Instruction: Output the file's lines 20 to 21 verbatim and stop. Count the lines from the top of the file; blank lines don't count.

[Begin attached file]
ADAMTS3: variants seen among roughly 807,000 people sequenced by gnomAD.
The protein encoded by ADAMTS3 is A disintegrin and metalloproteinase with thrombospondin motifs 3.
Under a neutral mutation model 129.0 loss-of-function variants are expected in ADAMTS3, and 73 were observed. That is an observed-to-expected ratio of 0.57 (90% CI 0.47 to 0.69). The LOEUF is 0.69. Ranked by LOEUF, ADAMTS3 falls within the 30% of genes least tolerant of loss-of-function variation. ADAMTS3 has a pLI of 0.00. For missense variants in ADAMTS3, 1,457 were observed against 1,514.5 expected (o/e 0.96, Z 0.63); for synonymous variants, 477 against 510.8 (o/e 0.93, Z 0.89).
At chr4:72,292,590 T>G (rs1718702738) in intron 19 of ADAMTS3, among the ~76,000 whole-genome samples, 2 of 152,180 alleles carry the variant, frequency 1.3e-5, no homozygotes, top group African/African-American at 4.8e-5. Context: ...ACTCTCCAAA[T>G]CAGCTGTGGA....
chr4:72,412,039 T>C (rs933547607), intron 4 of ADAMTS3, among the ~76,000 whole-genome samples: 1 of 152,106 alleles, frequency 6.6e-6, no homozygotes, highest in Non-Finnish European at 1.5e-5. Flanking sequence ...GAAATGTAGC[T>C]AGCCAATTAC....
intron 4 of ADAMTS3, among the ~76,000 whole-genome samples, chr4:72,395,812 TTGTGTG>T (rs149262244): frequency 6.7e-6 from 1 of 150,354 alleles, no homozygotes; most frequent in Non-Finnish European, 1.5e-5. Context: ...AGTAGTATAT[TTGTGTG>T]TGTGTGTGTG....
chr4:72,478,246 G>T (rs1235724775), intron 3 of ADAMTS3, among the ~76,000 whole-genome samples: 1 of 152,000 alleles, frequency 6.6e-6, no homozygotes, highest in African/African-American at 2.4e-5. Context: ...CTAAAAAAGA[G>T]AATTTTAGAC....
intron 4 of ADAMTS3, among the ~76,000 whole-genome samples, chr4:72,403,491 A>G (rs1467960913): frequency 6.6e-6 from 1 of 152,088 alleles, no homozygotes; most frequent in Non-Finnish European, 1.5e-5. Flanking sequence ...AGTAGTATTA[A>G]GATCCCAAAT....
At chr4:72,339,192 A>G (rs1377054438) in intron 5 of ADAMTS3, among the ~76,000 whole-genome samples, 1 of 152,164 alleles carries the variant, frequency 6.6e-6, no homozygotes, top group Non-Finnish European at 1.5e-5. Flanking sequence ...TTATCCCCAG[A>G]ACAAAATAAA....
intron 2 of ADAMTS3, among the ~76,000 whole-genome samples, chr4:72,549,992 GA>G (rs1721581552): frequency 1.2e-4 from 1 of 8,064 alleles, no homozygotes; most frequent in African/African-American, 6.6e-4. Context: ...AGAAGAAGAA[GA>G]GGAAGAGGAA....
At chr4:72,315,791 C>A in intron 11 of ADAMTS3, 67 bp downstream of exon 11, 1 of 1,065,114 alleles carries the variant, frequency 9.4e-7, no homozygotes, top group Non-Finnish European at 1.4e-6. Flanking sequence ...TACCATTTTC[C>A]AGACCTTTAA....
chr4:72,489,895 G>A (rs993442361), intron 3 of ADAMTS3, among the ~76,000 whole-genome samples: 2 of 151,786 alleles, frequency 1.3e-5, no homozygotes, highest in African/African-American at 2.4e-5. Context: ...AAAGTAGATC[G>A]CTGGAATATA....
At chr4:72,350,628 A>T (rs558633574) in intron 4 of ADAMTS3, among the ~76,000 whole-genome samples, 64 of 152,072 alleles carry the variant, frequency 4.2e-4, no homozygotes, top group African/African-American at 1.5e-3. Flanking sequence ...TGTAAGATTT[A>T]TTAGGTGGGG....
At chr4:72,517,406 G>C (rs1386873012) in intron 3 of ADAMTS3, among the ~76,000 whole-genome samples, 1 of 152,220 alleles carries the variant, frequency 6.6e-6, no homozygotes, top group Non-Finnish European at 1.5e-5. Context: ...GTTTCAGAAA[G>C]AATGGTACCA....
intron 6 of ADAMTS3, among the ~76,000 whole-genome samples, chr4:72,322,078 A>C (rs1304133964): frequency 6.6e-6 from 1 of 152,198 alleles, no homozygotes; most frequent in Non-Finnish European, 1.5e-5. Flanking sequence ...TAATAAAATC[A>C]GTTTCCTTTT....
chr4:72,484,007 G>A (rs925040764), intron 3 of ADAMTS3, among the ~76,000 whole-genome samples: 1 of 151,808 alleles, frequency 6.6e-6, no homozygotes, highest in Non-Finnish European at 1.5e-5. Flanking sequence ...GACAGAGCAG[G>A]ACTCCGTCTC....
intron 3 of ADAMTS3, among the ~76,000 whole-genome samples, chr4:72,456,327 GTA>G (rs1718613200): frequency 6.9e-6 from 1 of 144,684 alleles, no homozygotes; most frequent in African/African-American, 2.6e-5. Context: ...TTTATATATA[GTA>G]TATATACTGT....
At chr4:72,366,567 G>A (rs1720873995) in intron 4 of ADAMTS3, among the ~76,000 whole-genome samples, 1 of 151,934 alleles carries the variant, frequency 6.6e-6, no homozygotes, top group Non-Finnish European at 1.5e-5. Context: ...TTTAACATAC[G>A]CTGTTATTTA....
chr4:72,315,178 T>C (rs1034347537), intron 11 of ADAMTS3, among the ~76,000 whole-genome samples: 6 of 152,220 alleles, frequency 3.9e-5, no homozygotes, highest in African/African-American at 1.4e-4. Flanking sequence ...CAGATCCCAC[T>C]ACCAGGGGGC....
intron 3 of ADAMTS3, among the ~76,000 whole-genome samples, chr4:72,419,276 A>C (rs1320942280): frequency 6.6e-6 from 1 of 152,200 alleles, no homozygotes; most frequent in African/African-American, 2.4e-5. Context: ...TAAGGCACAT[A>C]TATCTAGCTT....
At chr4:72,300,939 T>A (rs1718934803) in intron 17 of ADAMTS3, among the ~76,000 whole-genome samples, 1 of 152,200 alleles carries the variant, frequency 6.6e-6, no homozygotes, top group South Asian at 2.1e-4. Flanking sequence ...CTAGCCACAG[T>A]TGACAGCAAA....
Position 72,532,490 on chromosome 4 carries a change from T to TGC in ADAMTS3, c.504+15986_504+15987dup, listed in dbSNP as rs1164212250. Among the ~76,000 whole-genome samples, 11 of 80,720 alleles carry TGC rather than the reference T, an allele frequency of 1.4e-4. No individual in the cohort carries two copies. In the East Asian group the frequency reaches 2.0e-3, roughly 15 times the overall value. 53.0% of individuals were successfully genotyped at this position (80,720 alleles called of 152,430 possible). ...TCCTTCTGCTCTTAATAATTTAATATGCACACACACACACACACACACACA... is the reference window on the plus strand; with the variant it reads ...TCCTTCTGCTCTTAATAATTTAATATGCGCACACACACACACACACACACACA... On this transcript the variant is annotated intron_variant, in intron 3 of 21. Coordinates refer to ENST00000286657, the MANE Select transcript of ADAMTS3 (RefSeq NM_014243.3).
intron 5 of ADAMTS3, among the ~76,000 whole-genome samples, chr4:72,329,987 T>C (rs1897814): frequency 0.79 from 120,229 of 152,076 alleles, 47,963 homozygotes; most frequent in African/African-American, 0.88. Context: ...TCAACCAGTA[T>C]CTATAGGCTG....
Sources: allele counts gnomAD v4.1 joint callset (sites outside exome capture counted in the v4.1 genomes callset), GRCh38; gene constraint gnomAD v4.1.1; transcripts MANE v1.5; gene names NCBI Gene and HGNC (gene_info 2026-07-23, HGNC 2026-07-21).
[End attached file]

intron 3 of ADAMTS3, among the ~76,000 whole-genome samples, chr4:72,419,276 A>C (rs1320942280): frequency 6.6e-6 from 1 of 152,200 alleles, no homozygotes; most frequent in African/African-American, 2.4e-5. Context: ...TAAGGCACAT[A>C]TATCTAGCTT....
At chr4:72,300,939 T>A (rs1718934803) in intron 17 of ADAMTS3, among the ~76,000 whole-genome samples, 1 of 152,200 alleles carries the variant, frequency 6.6e-6, no homozygotes, top group South Asian at 2.1e-4. Flanking sequence ...CTAGCCACAG[T>A]TGACAGCAAA....